Above: Tanker 03, a BAe-146, in Chile. Neptune photo.
(This article first appeared on WildfireToday.com)
The number of active wildfires in Chile has varied from week to week depending on the weather, but the drought-driven situation that has plagued Chile since December is still of great concern to the residents of the country — especially since more than 1,000 homes burned in Santa Olga on January 25.
The tweet below refers to a fire in the Maule Region.
The 747 Supertanker returned to Colorado Springs on February 13 after being in Chile for three weeks. The Russian IL-76 is still there but is expected to depart on February 25.
Neptune’s Tanker 03, a BAe-146, arrived in the country February 4. It has completed 20 missions dropping on fires, but a spokesperson for the company told us today it has not flown since February 14. It is committed to remain in Chile through the end of this month.
Above: A screen capture from a video shot from the cockpit of the 747 SuperTanker.
This video is a compilation of scenes recorded from the cockpit of the 747 SuperTanker as it dropped on fires in Chile between February 5 and 12, 2017. It was shot from a camera set up by Tom Parsons, one of the pilots on the air tanker.
If you enlarge the video to full screen you might be able to see the lead plane in the first two of the three shots.
On January 24, 2017 the 747 SuperTanker left its base in Colorado Springs, Colorado for an assignment in Chile. It returned on February 13 after dropping on many wildfires in the South American country, making as many as seven sorties in a day each with 19,200 gallons of water enhanced with an additive to help make the water more effective, since long term retardant was not available.
After 17 years as a ground based wildland firefighter, with much as it as a smokejumper, Jamie Tackman transitioned to the air, becoming a lead plane pilot. He has worked off and on with the 747 air tankers since Evergreen converted the first one. Now retired from the U.S. Forest Service, he traveled to Chile to provide lead plane services for the huge aircraft operated by Global SuperTankers. This time he had a different role, or at least a different platform, flying ahead of the air tanker as usual but in an aircraft flown by military pilots.
Bill Gabbert interviewed Jamie, who began by describing the situation. Chile has no infrastructure for supervising, using, or refilling large or very large air tankers and they were unfamiliar with the concept of lead planes. In spite of these challenges the personnel working with the 747 and the other aircraft developed procedures to fight the fires from the air, while the local firefighters improvised a system on the ground for refilling the 747 and the IL-76 with water.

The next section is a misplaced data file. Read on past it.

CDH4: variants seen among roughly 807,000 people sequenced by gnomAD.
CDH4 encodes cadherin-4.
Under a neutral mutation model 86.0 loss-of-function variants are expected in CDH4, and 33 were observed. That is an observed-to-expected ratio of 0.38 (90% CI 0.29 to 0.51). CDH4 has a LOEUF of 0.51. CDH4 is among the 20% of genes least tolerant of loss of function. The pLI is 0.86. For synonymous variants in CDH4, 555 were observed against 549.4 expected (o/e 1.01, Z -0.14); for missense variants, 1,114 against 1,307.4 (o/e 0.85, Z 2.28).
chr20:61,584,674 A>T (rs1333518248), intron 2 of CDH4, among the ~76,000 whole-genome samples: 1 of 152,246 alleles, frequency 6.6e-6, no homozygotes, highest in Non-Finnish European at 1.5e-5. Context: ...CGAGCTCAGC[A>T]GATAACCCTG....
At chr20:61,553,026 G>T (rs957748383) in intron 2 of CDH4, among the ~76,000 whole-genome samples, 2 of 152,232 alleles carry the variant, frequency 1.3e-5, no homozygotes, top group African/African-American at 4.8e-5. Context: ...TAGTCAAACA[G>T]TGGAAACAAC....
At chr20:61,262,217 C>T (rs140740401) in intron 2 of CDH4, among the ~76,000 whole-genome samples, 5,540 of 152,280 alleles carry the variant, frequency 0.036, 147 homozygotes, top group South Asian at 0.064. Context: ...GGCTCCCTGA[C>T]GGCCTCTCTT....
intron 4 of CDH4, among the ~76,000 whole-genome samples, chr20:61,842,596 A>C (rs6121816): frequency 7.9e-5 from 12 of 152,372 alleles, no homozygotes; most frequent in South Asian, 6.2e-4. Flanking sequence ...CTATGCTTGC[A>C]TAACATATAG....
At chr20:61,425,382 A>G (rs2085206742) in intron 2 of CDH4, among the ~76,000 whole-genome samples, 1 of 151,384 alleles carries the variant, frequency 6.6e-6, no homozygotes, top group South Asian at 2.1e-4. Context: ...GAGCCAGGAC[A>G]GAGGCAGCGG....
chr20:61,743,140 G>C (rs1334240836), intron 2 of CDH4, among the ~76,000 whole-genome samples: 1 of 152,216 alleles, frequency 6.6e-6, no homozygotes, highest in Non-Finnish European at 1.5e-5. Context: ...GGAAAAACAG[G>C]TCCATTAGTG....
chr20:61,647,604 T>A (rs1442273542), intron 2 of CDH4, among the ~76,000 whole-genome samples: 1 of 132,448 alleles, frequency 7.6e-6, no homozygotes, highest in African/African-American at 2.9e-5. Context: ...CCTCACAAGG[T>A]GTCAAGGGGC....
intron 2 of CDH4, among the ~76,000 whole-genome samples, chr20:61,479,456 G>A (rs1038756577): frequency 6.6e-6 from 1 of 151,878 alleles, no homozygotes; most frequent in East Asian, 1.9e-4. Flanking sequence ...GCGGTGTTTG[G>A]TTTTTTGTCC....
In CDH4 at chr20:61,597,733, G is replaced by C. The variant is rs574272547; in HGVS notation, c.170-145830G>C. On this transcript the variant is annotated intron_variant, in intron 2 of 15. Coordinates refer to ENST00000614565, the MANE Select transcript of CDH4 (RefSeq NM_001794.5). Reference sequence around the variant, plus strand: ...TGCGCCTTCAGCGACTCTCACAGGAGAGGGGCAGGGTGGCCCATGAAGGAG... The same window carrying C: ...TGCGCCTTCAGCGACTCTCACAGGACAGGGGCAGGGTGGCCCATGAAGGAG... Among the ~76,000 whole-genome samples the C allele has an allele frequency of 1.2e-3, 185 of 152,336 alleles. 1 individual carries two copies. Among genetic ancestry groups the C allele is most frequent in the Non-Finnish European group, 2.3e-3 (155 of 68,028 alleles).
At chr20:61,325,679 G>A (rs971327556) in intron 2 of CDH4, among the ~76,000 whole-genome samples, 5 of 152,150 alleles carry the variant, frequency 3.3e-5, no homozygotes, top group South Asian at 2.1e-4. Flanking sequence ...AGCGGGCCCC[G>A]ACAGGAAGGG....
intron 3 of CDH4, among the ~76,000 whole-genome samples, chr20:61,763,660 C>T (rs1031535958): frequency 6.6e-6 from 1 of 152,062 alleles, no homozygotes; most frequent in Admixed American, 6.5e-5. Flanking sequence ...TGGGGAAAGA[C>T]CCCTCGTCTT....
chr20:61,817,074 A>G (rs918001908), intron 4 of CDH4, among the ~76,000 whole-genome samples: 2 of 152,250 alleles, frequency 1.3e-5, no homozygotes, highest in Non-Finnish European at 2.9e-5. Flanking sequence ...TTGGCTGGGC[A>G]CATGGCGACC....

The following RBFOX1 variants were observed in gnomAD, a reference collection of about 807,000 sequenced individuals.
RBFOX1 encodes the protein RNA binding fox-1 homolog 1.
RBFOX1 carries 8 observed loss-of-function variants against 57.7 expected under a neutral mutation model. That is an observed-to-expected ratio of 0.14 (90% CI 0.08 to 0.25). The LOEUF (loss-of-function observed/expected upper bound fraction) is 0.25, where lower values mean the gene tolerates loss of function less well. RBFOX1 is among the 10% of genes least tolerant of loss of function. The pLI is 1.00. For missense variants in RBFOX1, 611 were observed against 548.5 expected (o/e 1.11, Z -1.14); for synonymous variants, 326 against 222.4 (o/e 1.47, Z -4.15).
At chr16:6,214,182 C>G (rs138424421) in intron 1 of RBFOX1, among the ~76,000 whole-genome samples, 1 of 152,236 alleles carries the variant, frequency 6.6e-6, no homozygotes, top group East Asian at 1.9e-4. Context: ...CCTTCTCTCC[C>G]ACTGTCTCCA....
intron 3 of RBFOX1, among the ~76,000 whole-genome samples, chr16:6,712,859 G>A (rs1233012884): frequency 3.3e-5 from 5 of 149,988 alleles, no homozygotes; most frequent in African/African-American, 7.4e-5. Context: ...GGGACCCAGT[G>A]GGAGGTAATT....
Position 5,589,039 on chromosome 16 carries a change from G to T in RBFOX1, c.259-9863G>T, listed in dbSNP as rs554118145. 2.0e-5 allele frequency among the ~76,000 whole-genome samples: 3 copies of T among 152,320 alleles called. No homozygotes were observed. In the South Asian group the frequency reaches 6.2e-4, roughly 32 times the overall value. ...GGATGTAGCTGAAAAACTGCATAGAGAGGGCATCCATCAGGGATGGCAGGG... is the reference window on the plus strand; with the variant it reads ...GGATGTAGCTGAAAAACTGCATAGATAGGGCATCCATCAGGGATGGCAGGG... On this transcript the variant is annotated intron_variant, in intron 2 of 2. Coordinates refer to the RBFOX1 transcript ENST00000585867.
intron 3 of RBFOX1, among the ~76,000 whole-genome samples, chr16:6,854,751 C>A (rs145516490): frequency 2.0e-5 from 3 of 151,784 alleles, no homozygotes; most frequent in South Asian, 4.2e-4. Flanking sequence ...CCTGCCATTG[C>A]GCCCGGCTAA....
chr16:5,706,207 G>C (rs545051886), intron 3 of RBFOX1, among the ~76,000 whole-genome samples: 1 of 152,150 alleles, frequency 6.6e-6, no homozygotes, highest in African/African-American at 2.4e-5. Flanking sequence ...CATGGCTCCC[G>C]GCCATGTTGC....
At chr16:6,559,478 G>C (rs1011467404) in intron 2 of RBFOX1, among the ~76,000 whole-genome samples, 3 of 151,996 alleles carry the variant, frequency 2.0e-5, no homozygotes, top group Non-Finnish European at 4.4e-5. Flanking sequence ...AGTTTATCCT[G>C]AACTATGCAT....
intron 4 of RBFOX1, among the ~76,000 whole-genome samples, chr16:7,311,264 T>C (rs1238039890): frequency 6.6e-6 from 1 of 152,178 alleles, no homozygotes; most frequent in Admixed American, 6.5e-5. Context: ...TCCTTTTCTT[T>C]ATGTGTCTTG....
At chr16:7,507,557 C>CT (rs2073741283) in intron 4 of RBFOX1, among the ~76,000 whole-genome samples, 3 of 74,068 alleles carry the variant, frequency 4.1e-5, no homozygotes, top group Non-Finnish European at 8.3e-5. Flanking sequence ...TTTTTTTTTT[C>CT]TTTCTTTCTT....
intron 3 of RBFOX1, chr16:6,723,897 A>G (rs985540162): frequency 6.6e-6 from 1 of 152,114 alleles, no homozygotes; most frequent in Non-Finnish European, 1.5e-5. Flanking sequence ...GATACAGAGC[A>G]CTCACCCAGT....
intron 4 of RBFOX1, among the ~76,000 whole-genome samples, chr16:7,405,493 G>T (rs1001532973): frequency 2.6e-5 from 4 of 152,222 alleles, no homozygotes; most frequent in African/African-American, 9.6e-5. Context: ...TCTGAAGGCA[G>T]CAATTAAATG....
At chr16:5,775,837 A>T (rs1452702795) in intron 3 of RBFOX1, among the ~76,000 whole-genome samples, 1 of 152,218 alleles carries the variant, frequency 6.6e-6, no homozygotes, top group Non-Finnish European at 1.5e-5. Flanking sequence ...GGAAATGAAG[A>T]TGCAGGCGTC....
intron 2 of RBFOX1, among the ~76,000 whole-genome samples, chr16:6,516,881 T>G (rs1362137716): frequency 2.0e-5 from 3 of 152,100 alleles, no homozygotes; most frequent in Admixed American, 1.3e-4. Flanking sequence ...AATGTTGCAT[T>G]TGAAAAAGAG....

Above: Members of the 747 SuperTanker crew, and others, assemble after the crew received an award from the Chilean Red Cross.
The Red Cross in Chile presented each member of the 747 SuperTanker crew with an Extraordinary Services Medal, the highest honor the organization can bestow on individuals contributing to the management of emergency services.
The aircraft has been in the country since January 25 and initially flew many missions dropping water on wildfires, but Jim Wheeler, President and CEO of Global Supertanker, said today the fire activity has slowed greatly, and they have not dropped on a fire in the last five to six days. They expect to still be assigned there through Sunday, February 12, and while there is a slight chance they could be extended beyond that date, it is not likely unless the fire situation changes.
Just a quick video of the 747 SuperTanker pulling up to the reload pit at Santiago, Chile airport after completing its seventh sortie on February 1, 2017, making a total of 11 drops on the 7 sorties. Six of the sorties were near Navidad and Matanzas 115 miles (185 km) southwest of the Santiago airport where many structures were threatened. The seventh was near Concepcion, 404 miles (650 km) south of Santiago. In total, 138,400 gallons (508,759 l.) were delivered to assist the firefighters on the ground who actually put out the fires.
This video contains shots of many water drops by the 747 Supertanker since it arrived January 25 in Chile. Some of the drops are seen multiple times recorded by different people from various angles. I guess you could call it air tanker porn.
There is one thing all of the shots have in common — the joy and exuberance that you hear every time the huge aircraft appears. Some of it comes from knowing it will assist the firefighters on the ground who may have been struggling to put out the fire that was threatening the property of the bystanders. And the rest perhaps is the novelty of it — seeing this massive machine they have been hearing about on the news and having the chance to see it in person. It is likely that none of them have ever seen in person a large or certainly not a very large air tanker. The country has some single engine air tankers but nothing like this critter.
As this is written at 1713 Chile time on January 31, the 747 just took off on its 4th mission today, carrying another 19,200-gallon load to a fire south of Santiago. (UPDATE at 2310 Chile time: the aircraft flew five missions today.)